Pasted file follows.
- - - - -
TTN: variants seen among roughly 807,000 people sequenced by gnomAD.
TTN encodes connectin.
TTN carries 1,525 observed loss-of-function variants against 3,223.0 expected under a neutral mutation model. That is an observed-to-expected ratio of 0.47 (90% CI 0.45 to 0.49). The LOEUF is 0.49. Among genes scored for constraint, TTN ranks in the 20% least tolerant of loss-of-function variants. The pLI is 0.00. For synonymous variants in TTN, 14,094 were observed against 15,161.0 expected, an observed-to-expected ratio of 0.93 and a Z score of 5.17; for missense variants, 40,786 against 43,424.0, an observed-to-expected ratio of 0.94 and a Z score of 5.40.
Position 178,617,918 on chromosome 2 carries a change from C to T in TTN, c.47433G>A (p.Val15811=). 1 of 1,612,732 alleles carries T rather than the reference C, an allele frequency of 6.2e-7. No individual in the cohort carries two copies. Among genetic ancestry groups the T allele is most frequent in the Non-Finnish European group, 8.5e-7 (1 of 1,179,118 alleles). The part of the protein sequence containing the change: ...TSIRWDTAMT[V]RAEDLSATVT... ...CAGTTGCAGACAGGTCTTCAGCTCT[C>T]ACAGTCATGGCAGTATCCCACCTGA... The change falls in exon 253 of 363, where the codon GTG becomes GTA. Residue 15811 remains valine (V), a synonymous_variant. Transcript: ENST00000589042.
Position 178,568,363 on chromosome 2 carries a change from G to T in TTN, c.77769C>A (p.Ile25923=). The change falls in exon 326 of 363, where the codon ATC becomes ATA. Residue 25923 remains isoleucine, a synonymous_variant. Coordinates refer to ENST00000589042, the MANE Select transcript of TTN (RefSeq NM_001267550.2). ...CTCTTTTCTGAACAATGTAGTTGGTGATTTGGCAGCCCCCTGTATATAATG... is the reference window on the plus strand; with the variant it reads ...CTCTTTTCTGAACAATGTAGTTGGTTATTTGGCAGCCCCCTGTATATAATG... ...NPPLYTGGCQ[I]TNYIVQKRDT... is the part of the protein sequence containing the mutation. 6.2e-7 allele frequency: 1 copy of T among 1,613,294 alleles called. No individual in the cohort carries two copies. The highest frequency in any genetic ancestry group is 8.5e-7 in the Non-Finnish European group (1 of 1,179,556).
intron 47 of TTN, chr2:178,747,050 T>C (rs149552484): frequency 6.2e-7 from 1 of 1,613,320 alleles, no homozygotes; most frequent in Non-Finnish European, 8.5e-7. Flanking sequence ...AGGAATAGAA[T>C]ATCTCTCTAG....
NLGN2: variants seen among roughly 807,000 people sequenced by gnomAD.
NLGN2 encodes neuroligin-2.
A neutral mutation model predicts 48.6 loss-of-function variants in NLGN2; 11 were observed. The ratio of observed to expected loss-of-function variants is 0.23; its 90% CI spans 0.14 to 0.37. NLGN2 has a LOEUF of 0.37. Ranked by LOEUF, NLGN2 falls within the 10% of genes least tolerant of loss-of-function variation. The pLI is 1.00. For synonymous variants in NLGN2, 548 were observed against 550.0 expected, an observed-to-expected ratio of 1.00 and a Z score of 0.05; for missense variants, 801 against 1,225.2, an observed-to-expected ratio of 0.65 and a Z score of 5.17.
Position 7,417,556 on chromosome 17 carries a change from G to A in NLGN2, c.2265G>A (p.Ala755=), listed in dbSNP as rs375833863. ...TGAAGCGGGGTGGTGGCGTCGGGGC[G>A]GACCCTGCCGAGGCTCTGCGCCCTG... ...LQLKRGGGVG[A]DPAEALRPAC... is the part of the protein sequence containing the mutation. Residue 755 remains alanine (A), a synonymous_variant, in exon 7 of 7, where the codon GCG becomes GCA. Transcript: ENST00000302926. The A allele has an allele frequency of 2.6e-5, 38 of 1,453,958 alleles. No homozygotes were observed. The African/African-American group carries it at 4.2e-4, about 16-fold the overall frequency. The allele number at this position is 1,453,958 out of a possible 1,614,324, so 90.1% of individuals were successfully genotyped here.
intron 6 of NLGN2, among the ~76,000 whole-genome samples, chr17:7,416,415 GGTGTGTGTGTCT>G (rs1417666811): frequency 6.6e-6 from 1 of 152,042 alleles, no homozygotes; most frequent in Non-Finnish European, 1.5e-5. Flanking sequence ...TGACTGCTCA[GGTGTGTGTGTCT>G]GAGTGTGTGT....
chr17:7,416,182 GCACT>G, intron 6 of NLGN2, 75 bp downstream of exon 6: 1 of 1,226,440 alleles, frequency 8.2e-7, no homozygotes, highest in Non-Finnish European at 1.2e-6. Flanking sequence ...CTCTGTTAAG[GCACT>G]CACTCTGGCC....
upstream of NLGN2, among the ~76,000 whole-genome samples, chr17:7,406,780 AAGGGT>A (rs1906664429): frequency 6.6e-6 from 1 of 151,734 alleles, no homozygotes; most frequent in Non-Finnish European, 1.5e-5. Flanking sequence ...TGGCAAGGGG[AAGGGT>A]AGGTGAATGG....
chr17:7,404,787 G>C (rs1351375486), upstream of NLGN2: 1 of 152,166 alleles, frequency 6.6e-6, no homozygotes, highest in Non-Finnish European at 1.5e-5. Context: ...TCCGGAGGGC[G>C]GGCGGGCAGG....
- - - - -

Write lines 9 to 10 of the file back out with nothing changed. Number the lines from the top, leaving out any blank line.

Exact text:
A neutral mutation model predicts 48.6 loss-of-function variants in NLGN2; 11 were observed. The ratio of observed to expected loss-of-function variants is 0.23; its 90% CI spans 0.14 to 0.37. NLGN2 has a LOEUF of 0.37. Ranked by LOEUF, NLGN2 falls within the 10% of genes least tolerant of loss-of-function variation. The pLI is 1.00. For synonymous variants in NLGN2, 548 were observed against 550.0 expected, an observed-to-expected ratio of 1.00 and a Z score of 0.05; for missense variants, 801 against 1,225.2, an observed-to-expected ratio of 0.65 and a Z score of 5.17.
Position 7,417,556 on chromosome 17 carries a change from G to A in NLGN2, c.2265G>A (p.Ala755=), listed in dbSNP as rs375833863. ...TGAAGCGGGGTGGTGGCGTCGGGGC[G>A]GACCCTGCCGAGGCTCTGCGCCCTG... ...LQLKRGGGVG[A]DPAEALRPAC... is the part of the protein sequence containing the mutation. Residue 755 remains alanine (A), a synonymous_variant, in exon 7 of 7, where the codon GCG becomes GCA. Transcript: ENST00000302926. The A allele has an allele frequency of 2.6e-5, 38 of 1,453,958 alleles. No homozygotes were observed. The African/African-American group carries it at 4.2e-4, about 16-fold the overall frequency. The allele number at this position is 1,453,958 out of a possible 1,614,324, so 90.1% of individuals were successfully genotyped here.